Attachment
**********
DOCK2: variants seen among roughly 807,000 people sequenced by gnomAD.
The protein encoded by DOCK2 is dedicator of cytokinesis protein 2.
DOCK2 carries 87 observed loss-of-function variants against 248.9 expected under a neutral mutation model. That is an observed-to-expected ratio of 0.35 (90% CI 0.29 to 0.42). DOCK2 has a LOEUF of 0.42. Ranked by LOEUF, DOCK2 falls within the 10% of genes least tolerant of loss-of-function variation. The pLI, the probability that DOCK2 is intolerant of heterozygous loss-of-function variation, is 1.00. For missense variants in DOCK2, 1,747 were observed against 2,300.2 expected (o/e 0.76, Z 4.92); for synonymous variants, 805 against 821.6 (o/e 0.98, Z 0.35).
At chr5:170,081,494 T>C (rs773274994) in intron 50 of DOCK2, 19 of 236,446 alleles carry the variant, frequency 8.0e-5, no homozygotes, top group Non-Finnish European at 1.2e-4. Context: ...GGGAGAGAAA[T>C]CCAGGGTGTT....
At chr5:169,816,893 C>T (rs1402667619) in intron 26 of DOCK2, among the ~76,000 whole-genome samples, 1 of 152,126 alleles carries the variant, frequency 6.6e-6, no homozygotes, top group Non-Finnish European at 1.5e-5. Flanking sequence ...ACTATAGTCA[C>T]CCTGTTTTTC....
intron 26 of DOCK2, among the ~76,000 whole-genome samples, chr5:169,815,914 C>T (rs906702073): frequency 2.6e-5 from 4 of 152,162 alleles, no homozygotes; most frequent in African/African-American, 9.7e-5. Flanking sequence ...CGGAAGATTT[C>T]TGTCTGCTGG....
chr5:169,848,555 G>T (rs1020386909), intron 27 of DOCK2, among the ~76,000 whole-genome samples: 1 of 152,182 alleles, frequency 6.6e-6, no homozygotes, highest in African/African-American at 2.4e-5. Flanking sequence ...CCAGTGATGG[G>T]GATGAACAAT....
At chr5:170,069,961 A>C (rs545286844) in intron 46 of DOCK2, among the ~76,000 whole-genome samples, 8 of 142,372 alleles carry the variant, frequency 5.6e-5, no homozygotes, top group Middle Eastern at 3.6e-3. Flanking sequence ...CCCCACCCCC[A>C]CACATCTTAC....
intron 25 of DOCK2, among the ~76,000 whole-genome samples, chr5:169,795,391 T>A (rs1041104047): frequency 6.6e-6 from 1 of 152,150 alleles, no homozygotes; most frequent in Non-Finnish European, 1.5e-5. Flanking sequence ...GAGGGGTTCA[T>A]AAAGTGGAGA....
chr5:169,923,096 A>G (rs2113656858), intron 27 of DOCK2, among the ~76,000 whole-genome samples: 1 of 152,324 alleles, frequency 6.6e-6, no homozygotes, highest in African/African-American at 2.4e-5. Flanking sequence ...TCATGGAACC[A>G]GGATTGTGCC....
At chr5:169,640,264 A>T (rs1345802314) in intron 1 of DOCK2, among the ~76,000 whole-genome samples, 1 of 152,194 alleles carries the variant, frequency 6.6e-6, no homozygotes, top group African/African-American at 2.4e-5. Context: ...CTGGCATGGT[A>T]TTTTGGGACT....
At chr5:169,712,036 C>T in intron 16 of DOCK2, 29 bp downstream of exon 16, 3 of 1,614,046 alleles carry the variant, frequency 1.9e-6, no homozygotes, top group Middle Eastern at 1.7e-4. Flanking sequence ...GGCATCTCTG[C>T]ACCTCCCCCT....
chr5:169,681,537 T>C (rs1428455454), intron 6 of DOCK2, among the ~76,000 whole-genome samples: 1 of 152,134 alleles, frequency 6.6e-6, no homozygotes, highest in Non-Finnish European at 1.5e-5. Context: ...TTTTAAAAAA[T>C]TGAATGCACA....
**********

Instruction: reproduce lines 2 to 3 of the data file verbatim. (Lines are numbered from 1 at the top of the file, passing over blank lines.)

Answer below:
The protein encoded by DOCK2 is dedicator of cytokinesis protein 2.
DOCK2 carries 87 observed loss-of-function variants against 248.9 expected under a neutral mutation model. That is an observed-to-expected ratio of 0.35 (90% CI 0.29 to 0.42). DOCK2 has a LOEUF of 0.42. Ranked by LOEUF, DOCK2 falls within the 10% of genes least tolerant of loss-of-function variation. The pLI, the probability that DOCK2 is intolerant of heterozygous loss-of-function variation, is 1.00. For missense variants in DOCK2, 1,747 were observed against 2,300.2 expected (o/e 0.76, Z 4.92); for synonymous variants, 805 against 821.6 (o/e 0.98, Z 0.35).